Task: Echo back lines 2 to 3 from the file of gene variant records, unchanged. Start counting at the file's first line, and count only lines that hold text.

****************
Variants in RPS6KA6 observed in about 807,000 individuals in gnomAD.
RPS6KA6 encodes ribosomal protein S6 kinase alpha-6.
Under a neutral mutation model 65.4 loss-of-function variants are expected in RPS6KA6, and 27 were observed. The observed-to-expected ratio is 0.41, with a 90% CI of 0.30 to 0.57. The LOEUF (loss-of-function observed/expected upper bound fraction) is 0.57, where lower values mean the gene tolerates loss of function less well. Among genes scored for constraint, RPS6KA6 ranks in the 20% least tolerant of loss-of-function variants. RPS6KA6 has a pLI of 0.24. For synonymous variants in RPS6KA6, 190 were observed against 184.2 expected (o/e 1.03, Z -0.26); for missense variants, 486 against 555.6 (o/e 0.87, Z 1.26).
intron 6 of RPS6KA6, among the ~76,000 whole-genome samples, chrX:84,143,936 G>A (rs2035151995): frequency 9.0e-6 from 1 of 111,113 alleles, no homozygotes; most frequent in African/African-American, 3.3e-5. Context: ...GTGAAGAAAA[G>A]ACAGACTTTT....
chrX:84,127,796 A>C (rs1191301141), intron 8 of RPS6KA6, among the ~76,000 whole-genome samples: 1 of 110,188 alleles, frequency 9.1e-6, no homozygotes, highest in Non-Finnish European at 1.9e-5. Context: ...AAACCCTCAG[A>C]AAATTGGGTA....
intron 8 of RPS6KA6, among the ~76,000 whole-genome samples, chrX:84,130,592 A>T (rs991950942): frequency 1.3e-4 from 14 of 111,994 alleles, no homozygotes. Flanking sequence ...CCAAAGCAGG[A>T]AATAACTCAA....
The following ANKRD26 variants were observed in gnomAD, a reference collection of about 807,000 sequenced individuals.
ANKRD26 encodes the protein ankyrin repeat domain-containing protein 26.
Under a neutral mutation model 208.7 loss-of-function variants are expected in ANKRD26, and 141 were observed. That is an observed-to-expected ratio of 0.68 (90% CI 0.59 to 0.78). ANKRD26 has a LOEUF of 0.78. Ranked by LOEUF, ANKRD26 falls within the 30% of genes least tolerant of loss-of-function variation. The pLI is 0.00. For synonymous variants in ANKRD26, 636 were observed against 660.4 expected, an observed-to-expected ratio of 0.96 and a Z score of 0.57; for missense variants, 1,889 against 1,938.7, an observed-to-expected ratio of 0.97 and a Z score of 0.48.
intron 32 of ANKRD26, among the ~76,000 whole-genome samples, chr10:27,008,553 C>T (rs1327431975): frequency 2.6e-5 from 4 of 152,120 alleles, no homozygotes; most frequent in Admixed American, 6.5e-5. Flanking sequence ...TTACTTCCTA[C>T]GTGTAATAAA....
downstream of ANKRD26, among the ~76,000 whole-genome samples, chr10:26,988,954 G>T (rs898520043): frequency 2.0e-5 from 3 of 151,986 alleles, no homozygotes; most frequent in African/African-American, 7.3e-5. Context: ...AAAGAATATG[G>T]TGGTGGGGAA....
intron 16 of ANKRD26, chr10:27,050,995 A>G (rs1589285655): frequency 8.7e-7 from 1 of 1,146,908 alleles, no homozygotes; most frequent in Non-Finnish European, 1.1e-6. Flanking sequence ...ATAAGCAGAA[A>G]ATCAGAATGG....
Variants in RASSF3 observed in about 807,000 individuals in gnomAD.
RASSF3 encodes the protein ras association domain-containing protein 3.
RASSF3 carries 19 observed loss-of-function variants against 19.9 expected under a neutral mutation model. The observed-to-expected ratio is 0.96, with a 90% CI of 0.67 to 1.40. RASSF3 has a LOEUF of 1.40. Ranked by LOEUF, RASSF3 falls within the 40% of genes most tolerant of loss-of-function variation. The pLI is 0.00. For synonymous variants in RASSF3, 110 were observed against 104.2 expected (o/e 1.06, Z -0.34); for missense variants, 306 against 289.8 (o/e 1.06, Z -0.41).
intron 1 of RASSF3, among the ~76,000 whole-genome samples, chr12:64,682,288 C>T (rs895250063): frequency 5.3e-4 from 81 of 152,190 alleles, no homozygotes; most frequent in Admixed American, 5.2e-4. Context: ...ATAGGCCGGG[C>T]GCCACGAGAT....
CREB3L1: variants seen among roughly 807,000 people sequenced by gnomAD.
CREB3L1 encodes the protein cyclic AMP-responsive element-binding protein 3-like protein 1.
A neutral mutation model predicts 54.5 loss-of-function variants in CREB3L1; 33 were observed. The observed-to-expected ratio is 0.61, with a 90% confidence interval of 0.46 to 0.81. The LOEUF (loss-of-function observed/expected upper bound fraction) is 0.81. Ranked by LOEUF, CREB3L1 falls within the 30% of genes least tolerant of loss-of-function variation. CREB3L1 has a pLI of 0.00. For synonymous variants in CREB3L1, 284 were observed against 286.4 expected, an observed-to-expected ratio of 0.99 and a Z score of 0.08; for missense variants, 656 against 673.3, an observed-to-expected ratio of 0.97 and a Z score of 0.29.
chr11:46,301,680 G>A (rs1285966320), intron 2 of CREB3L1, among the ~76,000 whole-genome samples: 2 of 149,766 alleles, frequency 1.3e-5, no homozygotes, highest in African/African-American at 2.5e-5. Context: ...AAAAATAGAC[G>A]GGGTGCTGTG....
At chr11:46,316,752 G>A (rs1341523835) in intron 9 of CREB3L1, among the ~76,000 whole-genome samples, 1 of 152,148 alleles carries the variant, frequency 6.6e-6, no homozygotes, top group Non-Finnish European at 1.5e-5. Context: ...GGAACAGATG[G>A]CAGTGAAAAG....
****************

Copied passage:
RPS6KA6 encodes ribosomal protein S6 kinase alpha-6.
Under a neutral mutation model 65.4 loss-of-function variants are expected in RPS6KA6, and 27 were observed. The observed-to-expected ratio is 0.41, with a 90% CI of 0.30 to 0.57. The LOEUF (loss-of-function observed/expected upper bound fraction) is 0.57, where lower values mean the gene tolerates loss of function less well. Among genes scored for constraint, RPS6KA6 ranks in the 20% least tolerant of loss-of-function variants. RPS6KA6 has a pLI of 0.24. For synonymous variants in RPS6KA6, 190 were observed against 184.2 expected (o/e 1.03, Z -0.26); for missense variants, 486 against 555.6 (o/e 0.87, Z 1.26).